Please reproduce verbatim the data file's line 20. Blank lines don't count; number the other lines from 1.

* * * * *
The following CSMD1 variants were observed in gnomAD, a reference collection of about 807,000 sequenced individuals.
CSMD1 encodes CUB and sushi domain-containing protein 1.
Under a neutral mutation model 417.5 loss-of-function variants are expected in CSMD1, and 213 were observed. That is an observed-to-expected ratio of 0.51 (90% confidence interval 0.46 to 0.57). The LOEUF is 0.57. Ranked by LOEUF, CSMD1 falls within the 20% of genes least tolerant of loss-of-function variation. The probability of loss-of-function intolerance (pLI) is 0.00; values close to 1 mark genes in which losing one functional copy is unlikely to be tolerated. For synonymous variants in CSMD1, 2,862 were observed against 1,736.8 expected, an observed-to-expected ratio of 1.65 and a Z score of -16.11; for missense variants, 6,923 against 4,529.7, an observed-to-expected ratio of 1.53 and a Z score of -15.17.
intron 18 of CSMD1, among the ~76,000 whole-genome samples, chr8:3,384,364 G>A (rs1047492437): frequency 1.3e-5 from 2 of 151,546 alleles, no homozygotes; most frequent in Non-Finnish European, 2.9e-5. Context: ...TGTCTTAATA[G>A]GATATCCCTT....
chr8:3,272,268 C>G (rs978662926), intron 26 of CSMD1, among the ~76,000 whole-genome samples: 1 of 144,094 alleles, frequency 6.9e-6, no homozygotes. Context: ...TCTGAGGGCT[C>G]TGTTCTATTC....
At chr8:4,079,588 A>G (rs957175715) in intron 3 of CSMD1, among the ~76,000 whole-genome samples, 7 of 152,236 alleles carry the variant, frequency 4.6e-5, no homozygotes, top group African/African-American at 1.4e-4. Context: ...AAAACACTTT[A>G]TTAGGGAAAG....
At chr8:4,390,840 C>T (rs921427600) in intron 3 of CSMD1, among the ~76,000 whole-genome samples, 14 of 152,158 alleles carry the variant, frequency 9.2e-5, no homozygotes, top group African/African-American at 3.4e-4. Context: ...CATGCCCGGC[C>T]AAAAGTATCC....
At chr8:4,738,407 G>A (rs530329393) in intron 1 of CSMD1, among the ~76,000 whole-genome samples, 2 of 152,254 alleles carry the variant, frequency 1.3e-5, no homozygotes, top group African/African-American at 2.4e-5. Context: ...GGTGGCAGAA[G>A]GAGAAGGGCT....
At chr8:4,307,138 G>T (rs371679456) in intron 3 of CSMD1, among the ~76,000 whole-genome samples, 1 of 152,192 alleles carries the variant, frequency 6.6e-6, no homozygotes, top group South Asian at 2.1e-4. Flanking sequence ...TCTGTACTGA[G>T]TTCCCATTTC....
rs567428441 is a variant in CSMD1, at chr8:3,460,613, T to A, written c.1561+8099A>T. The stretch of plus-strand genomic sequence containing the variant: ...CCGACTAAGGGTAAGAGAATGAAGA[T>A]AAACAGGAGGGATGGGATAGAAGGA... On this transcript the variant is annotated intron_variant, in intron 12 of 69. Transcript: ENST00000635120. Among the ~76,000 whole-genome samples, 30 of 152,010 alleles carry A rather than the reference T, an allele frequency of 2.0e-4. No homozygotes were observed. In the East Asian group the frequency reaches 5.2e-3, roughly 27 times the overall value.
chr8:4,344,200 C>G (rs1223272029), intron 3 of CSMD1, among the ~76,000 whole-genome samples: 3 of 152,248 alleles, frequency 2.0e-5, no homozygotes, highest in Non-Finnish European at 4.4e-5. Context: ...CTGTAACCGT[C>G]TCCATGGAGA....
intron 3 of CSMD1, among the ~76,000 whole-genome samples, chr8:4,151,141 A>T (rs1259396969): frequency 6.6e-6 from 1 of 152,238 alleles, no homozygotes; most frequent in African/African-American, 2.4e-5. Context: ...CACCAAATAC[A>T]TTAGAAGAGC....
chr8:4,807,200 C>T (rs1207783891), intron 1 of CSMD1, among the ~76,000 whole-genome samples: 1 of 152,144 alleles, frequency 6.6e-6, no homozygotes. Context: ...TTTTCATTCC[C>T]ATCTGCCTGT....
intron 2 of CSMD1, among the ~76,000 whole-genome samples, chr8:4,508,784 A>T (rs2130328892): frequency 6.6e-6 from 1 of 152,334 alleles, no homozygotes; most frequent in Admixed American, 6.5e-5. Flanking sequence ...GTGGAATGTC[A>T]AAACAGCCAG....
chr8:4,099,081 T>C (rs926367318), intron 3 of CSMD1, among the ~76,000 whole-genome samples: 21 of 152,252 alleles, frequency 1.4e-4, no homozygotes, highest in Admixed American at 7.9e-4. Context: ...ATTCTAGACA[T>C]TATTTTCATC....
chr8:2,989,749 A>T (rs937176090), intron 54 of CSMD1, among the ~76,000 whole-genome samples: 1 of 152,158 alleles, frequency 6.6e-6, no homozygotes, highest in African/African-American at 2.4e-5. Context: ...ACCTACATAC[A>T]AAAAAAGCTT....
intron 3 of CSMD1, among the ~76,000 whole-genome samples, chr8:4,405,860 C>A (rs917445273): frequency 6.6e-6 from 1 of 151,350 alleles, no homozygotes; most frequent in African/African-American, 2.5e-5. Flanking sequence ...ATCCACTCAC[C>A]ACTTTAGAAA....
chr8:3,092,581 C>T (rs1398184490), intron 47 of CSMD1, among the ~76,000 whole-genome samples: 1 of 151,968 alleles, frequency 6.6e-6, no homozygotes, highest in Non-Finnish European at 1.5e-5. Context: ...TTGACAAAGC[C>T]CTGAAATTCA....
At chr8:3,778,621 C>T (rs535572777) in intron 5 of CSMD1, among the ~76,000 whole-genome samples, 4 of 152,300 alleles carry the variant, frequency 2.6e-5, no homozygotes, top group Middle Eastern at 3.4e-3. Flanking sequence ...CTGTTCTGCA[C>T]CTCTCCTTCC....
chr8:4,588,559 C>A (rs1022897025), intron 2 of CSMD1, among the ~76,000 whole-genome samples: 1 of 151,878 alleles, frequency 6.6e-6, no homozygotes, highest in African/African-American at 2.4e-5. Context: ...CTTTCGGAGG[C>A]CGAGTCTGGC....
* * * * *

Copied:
chr8:4,588,559 C>A (rs1022897025), intron 2 of CSMD1, among the ~76,000 whole-genome samples: 1 of 151,878 alleles, frequency 6.6e-6, no homozygotes, highest in African/African-American at 2.4e-5. Context: ...CTTTCGGAGG[C>A]CGAGTCTGGC....